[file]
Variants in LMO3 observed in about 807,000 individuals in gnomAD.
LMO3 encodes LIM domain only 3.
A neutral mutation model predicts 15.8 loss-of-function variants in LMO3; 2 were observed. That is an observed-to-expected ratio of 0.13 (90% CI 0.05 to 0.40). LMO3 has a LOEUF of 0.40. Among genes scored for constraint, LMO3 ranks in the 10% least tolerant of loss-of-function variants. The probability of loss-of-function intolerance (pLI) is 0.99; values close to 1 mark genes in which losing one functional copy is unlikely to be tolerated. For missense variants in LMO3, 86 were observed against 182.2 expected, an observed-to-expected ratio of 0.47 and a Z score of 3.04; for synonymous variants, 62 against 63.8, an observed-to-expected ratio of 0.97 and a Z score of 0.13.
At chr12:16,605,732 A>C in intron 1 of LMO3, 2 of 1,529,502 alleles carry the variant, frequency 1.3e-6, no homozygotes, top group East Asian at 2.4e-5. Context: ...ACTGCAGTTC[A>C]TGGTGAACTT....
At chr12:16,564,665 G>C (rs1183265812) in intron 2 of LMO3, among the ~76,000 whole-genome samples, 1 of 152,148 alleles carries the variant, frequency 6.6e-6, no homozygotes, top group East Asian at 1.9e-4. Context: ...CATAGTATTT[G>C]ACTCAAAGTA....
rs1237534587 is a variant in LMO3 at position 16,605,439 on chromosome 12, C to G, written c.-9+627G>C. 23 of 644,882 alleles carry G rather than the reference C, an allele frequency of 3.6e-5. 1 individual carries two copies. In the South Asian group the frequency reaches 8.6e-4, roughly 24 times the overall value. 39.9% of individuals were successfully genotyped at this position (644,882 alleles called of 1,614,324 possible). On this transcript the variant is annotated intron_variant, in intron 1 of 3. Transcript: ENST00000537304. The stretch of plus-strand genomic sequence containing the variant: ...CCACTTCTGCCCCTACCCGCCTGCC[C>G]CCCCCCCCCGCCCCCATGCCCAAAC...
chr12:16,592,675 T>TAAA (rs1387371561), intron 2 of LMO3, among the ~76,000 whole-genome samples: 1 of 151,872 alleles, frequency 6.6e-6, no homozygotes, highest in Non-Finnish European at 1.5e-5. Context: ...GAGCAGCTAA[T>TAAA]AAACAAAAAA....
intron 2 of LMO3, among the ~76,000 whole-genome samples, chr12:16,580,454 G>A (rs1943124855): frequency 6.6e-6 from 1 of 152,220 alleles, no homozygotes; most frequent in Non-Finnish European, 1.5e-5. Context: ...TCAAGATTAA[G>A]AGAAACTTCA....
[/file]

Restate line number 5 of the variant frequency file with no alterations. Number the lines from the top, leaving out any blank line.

At chr12:16,564,665 G>C (rs1183265812) in intron 2 of LMO3, among the ~76,000 whole-genome samples, 1 of 152,148 alleles carries the variant, frequency 6.6e-6, no homozygotes, top group East Asian at 1.9e-4. Context: ...CATAGTATTT[G>C]ACTCAAAGTA....